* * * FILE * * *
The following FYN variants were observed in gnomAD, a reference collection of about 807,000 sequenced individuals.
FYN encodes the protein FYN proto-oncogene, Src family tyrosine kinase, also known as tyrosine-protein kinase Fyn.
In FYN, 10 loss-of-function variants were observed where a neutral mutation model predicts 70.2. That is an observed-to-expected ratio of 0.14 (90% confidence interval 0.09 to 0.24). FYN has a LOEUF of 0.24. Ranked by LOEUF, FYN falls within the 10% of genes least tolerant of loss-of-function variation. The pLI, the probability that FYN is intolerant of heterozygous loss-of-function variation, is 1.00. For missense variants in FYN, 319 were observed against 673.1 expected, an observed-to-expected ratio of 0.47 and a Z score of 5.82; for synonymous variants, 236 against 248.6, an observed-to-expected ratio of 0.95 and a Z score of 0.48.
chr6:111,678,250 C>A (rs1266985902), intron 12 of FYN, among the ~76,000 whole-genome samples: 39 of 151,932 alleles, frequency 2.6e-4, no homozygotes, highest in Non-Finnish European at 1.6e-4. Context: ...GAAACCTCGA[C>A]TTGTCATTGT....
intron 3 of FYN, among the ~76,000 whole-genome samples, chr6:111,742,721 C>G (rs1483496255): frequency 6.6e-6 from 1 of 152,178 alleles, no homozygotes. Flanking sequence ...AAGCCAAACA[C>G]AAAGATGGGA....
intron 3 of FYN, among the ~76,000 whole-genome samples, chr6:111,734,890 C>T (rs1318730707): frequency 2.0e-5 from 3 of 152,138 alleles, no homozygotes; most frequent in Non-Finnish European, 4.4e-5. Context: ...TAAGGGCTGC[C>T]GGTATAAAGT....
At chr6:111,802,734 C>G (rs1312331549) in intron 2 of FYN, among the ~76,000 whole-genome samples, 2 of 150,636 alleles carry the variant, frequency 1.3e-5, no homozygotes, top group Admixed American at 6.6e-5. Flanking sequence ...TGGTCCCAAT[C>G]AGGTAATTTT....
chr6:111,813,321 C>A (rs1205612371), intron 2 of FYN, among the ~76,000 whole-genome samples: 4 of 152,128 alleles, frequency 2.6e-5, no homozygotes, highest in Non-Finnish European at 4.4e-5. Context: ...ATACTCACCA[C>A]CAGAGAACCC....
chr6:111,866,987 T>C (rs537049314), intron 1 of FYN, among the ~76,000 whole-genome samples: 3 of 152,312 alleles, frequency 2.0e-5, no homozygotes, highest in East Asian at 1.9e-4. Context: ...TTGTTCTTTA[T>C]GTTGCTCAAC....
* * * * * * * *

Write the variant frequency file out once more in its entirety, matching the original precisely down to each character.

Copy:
The following FYN variants were observed in gnomAD, a reference collection of about 807,000 sequenced individuals.
FYN encodes the protein FYN proto-oncogene, Src family tyrosine kinase, also known as tyrosine-protein kinase Fyn.
In FYN, 10 loss-of-function variants were observed where a neutral mutation model predicts 70.2. That is an observed-to-expected ratio of 0.14 (90% confidence interval 0.09 to 0.24). FYN has a LOEUF of 0.24. Ranked by LOEUF, FYN falls within the 10% of genes least tolerant of loss-of-function variation. The pLI, the probability that FYN is intolerant of heterozygous loss-of-function variation, is 1.00. For missense variants in FYN, 319 were observed against 673.1 expected, an observed-to-expected ratio of 0.47 and a Z score of 5.82; for synonymous variants, 236 against 248.6, an observed-to-expected ratio of 0.95 and a Z score of 0.48.
chr6:111,678,250 C>A (rs1266985902), intron 12 of FYN, among the ~76,000 whole-genome samples: 39 of 151,932 alleles, frequency 2.6e-4, no homozygotes, highest in Non-Finnish European at 1.6e-4. Context: ...GAAACCTCGA[C>A]TTGTCATTGT....
intron 3 of FYN, among the ~76,000 whole-genome samples, chr6:111,742,721 C>G (rs1483496255): frequency 6.6e-6 from 1 of 152,178 alleles, no homozygotes. Flanking sequence ...AAGCCAAACA[C>G]AAAGATGGGA....
intron 3 of FYN, among the ~76,000 whole-genome samples, chr6:111,734,890 C>T (rs1318730707): frequency 2.0e-5 from 3 of 152,138 alleles, no homozygotes; most frequent in Non-Finnish European, 4.4e-5. Context: ...TAAGGGCTGC[C>T]GGTATAAAGT....
At chr6:111,802,734 C>G (rs1312331549) in intron 2 of FYN, among the ~76,000 whole-genome samples, 2 of 150,636 alleles carry the variant, frequency 1.3e-5, no homozygotes, top group Admixed American at 6.6e-5. Flanking sequence ...TGGTCCCAAT[C>G]AGGTAATTTT....
chr6:111,813,321 C>A (rs1205612371), intron 2 of FYN, among the ~76,000 whole-genome samples: 4 of 152,128 alleles, frequency 2.6e-5, no homozygotes, highest in Non-Finnish European at 4.4e-5. Context: ...ATACTCACCA[C>A]CAGAGAACCC....
chr6:111,866,987 T>C (rs537049314), intron 1 of FYN, among the ~76,000 whole-genome samples: 3 of 152,312 alleles, frequency 2.0e-5, no homozygotes, highest in East Asian at 1.9e-4. Context: ...TTGTTCTTTA[T>C]GTTGCTCAAC....